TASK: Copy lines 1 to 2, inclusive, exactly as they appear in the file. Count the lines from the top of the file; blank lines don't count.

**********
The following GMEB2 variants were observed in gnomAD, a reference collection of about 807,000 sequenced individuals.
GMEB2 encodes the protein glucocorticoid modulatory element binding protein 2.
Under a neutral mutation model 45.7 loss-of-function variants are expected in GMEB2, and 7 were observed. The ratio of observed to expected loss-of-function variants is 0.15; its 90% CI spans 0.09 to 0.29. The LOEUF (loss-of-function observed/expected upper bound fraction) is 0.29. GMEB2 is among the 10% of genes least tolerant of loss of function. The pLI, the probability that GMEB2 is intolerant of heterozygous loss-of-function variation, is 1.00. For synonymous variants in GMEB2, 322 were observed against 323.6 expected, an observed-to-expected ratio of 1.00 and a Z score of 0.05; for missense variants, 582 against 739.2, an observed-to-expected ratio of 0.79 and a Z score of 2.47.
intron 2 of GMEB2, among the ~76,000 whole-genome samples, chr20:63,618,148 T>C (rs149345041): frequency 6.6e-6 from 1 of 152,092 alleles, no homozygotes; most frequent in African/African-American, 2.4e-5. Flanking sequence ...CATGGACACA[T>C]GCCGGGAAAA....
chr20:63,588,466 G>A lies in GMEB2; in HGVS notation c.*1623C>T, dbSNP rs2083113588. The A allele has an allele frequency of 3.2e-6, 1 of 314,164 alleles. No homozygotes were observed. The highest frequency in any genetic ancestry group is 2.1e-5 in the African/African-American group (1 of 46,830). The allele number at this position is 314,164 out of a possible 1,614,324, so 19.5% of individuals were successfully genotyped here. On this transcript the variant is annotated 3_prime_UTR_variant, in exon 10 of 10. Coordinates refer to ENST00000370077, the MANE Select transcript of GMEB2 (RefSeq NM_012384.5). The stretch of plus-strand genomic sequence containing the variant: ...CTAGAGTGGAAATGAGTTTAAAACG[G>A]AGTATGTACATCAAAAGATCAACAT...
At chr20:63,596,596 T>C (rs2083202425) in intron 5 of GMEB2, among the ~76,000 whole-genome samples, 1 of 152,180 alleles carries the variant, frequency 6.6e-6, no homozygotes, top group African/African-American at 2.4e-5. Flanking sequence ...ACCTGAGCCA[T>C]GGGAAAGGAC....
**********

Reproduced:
The following GMEB2 variants were observed in gnomAD, a reference collection of about 807,000 sequenced individuals.
GMEB2 encodes the protein glucocorticoid modulatory element binding protein 2.